There is little discussion here of wider Elizabethan politics. Instead we are offered the catch-all solution of "faction," with Lord Burghley as a paranoid factional leader. But it is noticeable how many other friends of Perrot fell away from him, including the influential Sir George Carew and Roger Manners, eminence grise of the dukes of Rutland. The young Robert earl of Essex, whose sister Dorothy was married to Perrot's son and heir Thomas, stood back until after Perrot's condemnation, then asked Burghley for support in stopping sentence being pronounced. Significantly, Essex noted that it would be hard to move the queen, who seemed "very resolute in it" (p. 86). Concentrating on Wales and Ireland, Turvey largely ignores the whole sequence of plots in England, from Roberto di Ridolfi in 1571, which first convinced Elizabeth that Philip II was her enemy, through Francis Throckmorton and Parry to Anthony Babington in 1586, where Mary Queen of Scots explicitly consented to a plan to assassinate the English queen. These were to be followed by further plots in the 1590s, including that of the hapless Dr. Roderigo Lopez whose fate in many ways is reminiscent of Perrot. To the modern mind the plots may seem absurdly incoherent, but they were a powerful influence on Elizabethan thinking, not least that of the queen herself. The significance of Perrot's public description of Elizabeth as a "base bastard" is simply ignored in this book, but it was explosive, especially in wartime. If she was illegitimate (as all Catholics contended), then she had no right to the throne. So who was the rightful ruler? Was Perrot perhaps a secret supporter of the Infanta Isabella, proclaimed by her father Philip II as queen of England as soon as the Armada should remove Elizabeth? In the immediate aftermath of 1588, there were fears that Philip might think of attacking England afresh, perhaps by planting troops in Ireland, and the king was quick to start rebuilding his naval strength. The two proclamations against seminary priests, written by Lord Burghley in October 1591, bring home vividly the current atmosphere of paranoia in England. Perrot's many enemies in Dublin could raise just enough concern that he was a loose cannon, a man of poor judgment who despised his queen as a bastard and had no scruples over insulting her in public. Drunken old men on alehouse benches who cast similar aspersions on the queen's parentage were hauled before the assize judges as a warning; such slanders coming from a Lord Deputy of Ireland could not be tolerated. Against this tense, fearful background it seemed possible that Perrot might have been tempted into treacherous schemes with Spain. At the very least, if Elizabeth's public reputation had gone undefended (as with the seditious rhymers and O'Rourke's ceremony of ritual degradation), even more so if she personally took umbrage at Perrot's outrageous comments (as indicated by Essex), then Burghley and other privy councillors were unlikely to go out of their way to help him. But that was not the same as deliberately and elaborately plotting to bring Perrot down, in pursuit of unsubstantiated and rather tenuous factional advantage.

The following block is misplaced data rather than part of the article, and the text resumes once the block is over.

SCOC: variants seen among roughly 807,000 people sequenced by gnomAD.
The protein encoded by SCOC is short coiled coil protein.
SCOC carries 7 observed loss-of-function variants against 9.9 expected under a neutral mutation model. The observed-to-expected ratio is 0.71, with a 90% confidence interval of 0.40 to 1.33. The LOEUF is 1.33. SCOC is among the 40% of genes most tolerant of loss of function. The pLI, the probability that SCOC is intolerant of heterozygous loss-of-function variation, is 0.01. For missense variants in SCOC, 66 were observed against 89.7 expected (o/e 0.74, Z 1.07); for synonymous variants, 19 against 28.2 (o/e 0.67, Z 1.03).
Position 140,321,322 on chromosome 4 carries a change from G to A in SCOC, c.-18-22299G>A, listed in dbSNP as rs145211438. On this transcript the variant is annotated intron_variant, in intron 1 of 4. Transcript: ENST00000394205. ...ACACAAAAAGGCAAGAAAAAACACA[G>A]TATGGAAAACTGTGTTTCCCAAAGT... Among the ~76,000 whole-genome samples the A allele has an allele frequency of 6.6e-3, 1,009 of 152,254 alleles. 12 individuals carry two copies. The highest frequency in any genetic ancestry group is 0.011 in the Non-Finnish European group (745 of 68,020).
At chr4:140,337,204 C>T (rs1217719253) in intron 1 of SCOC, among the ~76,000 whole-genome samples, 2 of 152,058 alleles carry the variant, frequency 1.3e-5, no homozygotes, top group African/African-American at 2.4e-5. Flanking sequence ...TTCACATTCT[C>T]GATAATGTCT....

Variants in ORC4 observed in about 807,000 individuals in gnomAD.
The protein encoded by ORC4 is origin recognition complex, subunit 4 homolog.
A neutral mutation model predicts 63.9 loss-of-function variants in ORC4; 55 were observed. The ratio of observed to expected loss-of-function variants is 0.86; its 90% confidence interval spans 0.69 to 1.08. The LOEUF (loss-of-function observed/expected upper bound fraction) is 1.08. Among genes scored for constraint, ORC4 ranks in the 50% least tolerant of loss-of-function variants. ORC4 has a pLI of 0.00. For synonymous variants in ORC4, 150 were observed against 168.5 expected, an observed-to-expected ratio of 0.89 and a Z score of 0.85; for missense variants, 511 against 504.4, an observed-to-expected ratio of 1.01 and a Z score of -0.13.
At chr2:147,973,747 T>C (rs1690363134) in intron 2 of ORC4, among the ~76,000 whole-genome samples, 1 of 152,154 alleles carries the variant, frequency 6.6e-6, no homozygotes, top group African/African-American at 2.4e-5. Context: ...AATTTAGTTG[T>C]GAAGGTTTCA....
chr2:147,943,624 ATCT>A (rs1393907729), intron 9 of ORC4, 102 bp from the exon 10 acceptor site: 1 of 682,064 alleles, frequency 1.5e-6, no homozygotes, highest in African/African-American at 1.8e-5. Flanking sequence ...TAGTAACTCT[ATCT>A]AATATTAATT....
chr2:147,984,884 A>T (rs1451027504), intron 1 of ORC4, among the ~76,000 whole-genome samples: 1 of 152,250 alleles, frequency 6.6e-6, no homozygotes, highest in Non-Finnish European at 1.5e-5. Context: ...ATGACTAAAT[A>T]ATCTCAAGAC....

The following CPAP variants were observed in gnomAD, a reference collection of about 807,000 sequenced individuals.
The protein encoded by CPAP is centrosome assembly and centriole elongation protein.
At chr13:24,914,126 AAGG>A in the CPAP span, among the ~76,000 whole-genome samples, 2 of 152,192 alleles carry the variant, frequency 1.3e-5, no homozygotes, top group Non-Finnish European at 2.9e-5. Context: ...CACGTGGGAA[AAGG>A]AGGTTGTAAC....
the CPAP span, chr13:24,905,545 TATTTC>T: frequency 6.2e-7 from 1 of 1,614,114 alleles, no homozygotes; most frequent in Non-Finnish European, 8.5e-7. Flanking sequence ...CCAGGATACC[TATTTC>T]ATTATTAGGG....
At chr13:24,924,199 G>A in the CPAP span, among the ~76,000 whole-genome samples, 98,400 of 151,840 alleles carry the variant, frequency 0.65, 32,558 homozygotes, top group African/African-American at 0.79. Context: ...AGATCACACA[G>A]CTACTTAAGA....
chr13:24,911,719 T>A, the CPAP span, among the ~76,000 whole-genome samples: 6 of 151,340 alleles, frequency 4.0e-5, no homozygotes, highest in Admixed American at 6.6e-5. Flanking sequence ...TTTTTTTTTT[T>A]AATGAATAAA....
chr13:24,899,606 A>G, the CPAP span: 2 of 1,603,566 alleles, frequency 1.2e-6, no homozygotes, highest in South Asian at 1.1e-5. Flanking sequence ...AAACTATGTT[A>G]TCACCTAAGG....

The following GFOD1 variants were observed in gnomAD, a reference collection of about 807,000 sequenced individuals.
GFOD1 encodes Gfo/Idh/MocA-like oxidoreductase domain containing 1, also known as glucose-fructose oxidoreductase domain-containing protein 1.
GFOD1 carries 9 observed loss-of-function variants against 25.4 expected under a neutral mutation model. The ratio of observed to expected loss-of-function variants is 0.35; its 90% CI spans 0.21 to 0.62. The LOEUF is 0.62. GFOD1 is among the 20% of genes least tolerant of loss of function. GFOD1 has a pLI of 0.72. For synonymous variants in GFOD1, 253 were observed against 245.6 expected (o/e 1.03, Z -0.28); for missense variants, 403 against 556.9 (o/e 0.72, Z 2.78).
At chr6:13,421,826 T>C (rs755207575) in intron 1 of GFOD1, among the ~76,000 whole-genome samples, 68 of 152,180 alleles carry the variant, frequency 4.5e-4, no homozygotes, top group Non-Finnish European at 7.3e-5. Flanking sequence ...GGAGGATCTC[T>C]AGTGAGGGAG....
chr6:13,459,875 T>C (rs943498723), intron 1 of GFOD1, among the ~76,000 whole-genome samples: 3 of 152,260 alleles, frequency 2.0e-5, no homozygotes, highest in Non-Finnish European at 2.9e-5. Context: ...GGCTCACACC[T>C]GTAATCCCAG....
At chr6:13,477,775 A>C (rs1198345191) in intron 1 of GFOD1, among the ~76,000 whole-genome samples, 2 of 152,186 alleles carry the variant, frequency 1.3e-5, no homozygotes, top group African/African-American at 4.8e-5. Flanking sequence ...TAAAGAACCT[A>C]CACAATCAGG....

Perhaps the most surprising aspect of Perrot's career was his elevation as a privy councillor. With Robert earl of Leicester dead and Sir Francis Walsingham mortally ill, the council needed reinforcement, and the situation worsened with the unexpected demise of Sir Christopher Hatton in 1591. Yet thereafter the queen was increasingly reluctant to fill vacancies. It seems likely that she grew wary after the disastrous choice of Perrot. Sir James Perrot realized that his father had largely brought his troubles on himself. "If he had byn able to bridle that passion of choler, wherto he was by nature much adicted, and to forbeare over free speach when he was offended, his dayes might have byn longer and his ende more happie" (p. 184). Even to his son, it was obvious that Sir John Perrot was his own worst enemy.
. Hiram Morgan, "The Downfall of Sir John Perrot," in The Reign of Elizabeth I: Court and Culture in the Last Decade, ed. John Guy (Cambridge: Cambridge University Press, 1995), 109-125.